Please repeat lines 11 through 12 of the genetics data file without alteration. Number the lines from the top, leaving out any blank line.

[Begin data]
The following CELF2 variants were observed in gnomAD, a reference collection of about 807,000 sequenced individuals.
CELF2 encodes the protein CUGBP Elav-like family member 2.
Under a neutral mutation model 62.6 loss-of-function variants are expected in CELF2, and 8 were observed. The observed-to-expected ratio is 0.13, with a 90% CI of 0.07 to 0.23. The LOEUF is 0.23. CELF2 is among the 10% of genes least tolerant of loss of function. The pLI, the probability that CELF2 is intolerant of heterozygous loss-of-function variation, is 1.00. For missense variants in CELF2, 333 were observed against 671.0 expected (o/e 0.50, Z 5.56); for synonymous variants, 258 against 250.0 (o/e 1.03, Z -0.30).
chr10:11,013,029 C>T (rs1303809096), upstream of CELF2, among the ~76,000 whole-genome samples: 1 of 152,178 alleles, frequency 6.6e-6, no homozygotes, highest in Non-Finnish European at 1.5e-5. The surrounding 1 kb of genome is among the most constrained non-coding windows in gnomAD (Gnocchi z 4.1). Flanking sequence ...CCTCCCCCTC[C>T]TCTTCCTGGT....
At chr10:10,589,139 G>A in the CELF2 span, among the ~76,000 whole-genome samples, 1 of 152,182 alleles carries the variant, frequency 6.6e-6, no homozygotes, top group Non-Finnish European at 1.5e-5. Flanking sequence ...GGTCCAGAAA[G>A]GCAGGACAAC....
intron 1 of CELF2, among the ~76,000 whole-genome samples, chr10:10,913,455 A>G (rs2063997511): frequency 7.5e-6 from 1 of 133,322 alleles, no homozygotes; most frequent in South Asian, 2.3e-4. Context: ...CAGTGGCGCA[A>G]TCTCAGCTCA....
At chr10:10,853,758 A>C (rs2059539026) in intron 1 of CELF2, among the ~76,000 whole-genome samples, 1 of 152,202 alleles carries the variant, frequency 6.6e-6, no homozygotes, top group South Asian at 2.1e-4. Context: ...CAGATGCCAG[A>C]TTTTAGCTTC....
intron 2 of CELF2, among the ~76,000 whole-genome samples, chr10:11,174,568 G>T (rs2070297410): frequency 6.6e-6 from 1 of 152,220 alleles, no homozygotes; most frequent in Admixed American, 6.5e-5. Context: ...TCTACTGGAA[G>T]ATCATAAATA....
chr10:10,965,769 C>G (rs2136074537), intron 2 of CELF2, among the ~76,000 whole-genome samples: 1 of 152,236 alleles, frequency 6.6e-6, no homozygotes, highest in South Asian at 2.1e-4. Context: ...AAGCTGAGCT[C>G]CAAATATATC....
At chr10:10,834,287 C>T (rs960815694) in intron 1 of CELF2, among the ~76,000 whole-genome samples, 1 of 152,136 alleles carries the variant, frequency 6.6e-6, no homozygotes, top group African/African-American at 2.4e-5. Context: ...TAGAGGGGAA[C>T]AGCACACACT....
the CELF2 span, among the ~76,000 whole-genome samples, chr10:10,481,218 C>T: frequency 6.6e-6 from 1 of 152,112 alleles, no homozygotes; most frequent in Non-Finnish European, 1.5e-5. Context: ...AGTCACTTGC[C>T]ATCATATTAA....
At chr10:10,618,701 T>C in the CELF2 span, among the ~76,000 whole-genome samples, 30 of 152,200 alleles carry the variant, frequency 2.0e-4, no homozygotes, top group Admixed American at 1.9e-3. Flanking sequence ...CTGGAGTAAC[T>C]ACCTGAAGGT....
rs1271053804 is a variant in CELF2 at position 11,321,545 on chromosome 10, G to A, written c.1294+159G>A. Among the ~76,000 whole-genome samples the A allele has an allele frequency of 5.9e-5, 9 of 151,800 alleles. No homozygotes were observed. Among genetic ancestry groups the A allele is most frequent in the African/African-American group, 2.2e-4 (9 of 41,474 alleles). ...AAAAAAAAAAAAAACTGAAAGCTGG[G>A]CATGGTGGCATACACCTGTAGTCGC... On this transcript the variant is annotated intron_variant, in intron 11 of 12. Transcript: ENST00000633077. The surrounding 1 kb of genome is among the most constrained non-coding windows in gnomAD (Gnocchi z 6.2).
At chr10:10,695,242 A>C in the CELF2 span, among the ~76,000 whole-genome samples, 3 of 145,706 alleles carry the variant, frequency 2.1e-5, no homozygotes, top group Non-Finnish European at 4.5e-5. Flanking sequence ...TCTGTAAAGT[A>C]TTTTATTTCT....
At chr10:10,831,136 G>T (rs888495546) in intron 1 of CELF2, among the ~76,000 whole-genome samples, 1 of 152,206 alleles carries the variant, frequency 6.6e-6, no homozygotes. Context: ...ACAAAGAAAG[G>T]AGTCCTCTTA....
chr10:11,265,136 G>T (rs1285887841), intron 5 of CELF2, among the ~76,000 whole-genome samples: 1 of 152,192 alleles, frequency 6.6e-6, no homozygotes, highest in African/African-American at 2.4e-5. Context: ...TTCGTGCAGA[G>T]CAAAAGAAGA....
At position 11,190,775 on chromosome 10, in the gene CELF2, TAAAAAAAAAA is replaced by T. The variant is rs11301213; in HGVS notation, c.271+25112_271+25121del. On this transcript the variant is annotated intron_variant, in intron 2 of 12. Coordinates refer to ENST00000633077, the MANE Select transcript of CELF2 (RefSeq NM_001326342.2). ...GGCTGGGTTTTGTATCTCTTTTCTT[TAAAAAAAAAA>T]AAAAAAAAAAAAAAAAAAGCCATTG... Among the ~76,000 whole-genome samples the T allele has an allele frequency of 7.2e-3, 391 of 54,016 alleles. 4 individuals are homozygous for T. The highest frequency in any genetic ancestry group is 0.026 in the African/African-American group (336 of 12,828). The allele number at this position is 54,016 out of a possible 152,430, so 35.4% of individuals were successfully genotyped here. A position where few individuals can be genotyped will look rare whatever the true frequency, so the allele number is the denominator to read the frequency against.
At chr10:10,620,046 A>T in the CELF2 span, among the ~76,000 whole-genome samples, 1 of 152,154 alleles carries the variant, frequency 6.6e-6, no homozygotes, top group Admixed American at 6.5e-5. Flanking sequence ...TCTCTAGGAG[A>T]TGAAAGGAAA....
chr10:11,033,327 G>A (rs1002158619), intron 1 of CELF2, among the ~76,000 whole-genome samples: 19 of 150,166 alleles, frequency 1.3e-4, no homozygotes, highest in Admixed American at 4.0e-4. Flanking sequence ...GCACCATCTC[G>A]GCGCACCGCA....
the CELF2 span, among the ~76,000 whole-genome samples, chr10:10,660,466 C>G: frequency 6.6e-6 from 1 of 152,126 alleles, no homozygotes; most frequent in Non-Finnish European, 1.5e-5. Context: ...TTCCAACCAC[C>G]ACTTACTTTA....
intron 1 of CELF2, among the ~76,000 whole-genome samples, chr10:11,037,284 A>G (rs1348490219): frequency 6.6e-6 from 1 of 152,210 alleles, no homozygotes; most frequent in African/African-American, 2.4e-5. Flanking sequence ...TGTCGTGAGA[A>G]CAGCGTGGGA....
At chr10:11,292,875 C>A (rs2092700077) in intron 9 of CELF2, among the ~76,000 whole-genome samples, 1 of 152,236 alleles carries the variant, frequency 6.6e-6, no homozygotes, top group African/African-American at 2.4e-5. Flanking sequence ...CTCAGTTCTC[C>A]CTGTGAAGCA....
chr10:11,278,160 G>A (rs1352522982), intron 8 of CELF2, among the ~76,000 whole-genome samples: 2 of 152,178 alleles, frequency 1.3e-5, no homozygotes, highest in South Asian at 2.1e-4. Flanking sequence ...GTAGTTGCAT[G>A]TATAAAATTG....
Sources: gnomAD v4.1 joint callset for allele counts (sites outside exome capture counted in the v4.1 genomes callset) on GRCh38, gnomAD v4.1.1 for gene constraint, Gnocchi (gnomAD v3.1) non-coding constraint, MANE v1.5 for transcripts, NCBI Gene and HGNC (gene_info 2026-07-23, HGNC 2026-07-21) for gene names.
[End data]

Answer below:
the CELF2 span, among the ~76,000 whole-genome samples, chr10:10,481,218 C>T: frequency 6.6e-6 from 1 of 152,112 alleles, no homozygotes; most frequent in Non-Finnish European, 1.5e-5. Context: ...AGTCACTTGC[C>T]ATCATATTAA....
At chr10:10,618,701 T>C in the CELF2 span, among the ~76,000 whole-genome samples, 30 of 152,200 alleles carry the variant, frequency 2.0e-4, no homozygotes, top group Admixed American at 1.9e-3. Flanking sequence ...CTGGAGTAAC[T>C]ACCTGAAGGT....